The rise in sexual violence reports revealed in the dataset does not mean its incidence is also increasing. Rather, with Myanmar’s democratic transition there is increased freedom to report and a greater presence of non-governmental and international actors on the ground. This statement is not controversial – but to leave it at that would be problematic.
It is important to pay attention to what is being reported (how many incidents and in what location) to understand the context in which these conflict-related sexual violence is taking place. The graph above shows that the incidence of conflict-related sexual violence rose to its highest point before the democratic transition in 2010. Over the same period, sexual violence tripled by 2007 to the highest recorded in Myanmar during the 18 years we collected counts of sexual and gender-based violence (SGBV).
According to the Uppsala Conflict Data Program (UCDP), Myanmar’s conflict was at one of its deadliest points in 2007. But the dramatic shift was the increase in sexual violence, which precipitated by two years the peak in both SGBV counts and conflict deaths in 2007. As the conflict intensity started to decline in 2008 and 2009, we see the counts of sexual violence incidence also begin to decline. In the graph, we then see a rise in counts of sexual violence between 2011 and 2012, and again between 2015 and 2016. The rise in sexual violence counts on both occasions occurs a year prior to the rise in conflict intensity. Our dataset shows that in Myanmar the counts of sexual violence start at least one year before a spike in conflict. The increase in numbers of sexual crimes (note, not reports) is a warning of the conflict escalating. Therefore, it is important to have counts of the numbers of women and men, girls and boys, being subjected to sexual violence in conflict-affected locations.
Building the PSVAP database has led us to further ask how we can use data and knowledge on patterns of reporting to intervene. With more information on the location of the crimes, the perpetrators, and the organisations reporting sexual violence in conflict, we can better report, respond to, and prevent situations of future violence. We need to know where human rights defenders and humanitarian workers can be best located to assist survivors and report on the crimes. They put their lives at risk documenting such violence, so when those being targeted tell their story – at the risk of more violence, retribution, shame and stigma – there must be an effort to mount a response that protects and prevents. These experiences should be part of the peace process discussions, specifically those on the ceasefire implementation at the 21st Century Panglong Peace Conference. Addressing sexual violence is not a negotiable condition for achieving peace.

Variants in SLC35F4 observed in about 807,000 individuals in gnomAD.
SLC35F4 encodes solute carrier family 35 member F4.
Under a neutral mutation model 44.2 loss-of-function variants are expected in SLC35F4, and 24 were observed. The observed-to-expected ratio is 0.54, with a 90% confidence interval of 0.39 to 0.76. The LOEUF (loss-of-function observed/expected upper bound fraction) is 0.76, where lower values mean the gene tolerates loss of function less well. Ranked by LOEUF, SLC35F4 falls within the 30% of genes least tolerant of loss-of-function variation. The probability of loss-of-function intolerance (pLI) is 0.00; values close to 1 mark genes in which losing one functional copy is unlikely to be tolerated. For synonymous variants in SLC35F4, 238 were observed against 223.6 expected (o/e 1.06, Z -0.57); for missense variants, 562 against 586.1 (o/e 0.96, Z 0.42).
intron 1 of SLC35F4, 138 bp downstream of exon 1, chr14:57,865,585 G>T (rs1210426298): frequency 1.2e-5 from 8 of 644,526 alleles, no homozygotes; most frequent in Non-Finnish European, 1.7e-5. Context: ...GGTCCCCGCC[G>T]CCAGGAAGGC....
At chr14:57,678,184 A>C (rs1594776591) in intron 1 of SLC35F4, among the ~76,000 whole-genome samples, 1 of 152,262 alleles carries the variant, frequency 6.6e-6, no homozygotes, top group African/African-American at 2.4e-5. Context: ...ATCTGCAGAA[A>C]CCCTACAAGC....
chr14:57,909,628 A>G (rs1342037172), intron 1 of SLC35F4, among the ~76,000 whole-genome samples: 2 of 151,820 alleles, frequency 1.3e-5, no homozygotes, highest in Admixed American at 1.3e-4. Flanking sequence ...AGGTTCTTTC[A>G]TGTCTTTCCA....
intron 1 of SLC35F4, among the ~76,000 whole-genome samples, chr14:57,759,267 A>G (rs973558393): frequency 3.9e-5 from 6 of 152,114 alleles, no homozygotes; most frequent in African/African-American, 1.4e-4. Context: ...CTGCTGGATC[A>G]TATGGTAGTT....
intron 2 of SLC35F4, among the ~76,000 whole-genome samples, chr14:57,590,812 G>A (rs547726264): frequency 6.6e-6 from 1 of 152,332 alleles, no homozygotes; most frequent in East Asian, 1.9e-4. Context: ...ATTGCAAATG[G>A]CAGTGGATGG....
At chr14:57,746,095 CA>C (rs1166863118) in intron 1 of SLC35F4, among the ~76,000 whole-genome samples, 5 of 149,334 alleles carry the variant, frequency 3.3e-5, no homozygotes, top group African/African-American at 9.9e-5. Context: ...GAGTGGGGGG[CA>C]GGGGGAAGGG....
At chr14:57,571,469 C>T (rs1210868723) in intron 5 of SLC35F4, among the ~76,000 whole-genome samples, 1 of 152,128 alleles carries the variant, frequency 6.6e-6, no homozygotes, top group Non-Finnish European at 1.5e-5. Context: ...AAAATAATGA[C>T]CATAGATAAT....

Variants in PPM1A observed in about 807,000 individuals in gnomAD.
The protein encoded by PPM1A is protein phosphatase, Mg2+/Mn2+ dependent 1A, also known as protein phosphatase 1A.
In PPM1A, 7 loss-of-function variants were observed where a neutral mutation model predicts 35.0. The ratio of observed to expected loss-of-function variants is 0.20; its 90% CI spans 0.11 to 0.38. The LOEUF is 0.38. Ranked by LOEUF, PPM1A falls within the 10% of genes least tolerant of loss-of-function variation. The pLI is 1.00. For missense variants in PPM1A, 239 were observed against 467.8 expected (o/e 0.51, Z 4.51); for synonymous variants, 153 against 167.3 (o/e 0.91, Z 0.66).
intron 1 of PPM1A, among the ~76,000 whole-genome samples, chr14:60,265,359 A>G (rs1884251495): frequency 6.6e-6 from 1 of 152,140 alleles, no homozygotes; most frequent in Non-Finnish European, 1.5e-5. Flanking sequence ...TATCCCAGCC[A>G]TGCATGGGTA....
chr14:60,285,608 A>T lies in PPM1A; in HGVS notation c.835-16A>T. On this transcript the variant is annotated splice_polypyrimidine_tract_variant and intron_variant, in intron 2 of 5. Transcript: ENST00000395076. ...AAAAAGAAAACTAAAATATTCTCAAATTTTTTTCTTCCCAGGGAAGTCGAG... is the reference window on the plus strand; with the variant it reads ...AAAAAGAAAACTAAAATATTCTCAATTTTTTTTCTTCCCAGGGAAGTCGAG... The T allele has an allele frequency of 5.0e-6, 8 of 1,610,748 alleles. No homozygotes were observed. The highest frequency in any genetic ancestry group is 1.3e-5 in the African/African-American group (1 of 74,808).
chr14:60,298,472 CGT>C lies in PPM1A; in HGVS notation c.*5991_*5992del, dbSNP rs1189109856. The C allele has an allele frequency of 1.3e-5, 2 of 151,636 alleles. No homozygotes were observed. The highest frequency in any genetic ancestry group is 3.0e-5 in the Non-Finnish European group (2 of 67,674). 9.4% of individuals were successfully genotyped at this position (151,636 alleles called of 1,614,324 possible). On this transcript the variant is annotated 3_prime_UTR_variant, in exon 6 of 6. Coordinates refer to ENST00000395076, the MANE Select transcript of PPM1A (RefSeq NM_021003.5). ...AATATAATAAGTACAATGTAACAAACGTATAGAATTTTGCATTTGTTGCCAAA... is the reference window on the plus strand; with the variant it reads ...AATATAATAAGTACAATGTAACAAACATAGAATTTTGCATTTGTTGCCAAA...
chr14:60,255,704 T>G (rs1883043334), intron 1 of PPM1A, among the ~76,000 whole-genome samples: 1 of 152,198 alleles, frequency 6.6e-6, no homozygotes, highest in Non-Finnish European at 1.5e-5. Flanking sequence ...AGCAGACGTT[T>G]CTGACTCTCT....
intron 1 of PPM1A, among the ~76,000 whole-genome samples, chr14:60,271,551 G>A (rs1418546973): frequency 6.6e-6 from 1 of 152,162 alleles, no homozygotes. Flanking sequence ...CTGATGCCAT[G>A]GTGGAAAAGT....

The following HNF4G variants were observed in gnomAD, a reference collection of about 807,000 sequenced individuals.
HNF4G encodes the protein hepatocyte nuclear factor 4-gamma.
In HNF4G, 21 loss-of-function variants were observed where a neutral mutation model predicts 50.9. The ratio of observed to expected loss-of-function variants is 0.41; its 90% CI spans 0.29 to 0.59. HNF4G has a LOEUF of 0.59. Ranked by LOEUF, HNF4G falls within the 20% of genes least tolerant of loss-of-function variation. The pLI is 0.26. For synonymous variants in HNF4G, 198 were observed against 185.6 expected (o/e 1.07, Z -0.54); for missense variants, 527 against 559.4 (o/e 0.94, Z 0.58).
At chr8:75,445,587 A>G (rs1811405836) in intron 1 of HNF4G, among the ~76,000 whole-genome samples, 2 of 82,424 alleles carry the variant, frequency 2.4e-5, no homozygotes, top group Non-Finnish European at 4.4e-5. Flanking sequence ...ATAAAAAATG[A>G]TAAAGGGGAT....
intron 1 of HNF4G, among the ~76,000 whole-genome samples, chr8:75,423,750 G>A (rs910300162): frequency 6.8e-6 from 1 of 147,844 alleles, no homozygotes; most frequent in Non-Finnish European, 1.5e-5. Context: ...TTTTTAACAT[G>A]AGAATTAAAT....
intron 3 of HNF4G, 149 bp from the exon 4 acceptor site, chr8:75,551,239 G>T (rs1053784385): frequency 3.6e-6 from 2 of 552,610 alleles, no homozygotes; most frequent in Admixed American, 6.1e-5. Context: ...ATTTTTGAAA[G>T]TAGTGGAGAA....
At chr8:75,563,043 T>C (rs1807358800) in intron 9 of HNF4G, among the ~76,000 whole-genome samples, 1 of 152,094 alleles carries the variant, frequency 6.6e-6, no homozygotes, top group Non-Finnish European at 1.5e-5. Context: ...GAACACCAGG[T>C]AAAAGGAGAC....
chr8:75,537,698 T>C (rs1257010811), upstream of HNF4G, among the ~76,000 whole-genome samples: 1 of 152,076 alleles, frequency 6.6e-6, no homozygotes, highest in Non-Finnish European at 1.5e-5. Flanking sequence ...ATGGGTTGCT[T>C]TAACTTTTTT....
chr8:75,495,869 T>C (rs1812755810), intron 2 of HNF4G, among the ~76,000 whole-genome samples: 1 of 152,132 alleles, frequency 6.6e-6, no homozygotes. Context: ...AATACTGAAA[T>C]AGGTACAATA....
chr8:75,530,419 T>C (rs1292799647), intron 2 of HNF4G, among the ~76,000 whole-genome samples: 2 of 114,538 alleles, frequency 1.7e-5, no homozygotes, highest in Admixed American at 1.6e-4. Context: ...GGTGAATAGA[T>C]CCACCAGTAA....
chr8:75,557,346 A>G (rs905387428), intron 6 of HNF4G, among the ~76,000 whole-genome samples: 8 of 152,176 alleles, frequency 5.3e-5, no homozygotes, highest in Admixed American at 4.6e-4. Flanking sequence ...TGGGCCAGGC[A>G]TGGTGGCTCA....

The Nobel Peace Prize is a reminder of who has the power to change the world – Denis Mukwege and Nadia Murad follow awardees Malala Yousafzai, Kailash Satyarthi, Tawakkol Karman, Leymah Gbowee, and Ellen Sirleaf Johnson. These individuals have forever changed how we view sexual and gender-based violence in conflict situations as well as women’s participation in peace processes, and rights to education and freedom of expression. Nadia has said that, more than anything else, “I want to be the last girl in the world with a story like mine.” Her voice will give courage to others who can come forward to tell and testify so that appropriate guilt and consequence can follow. Denis’s example will encourage other men to join the movement against male violence whether in conflict or peace: “It’s not a woman question, it’s a humanity question, and men have to take responsibility to end it”. Nadia Murad and Denis Muwege’s Nobel Peace Prize award recognizes all those victims of conflict-related sexual violence including among Myanmar’s ethnic minorities and human rights defenders who cry out #HearMeToo.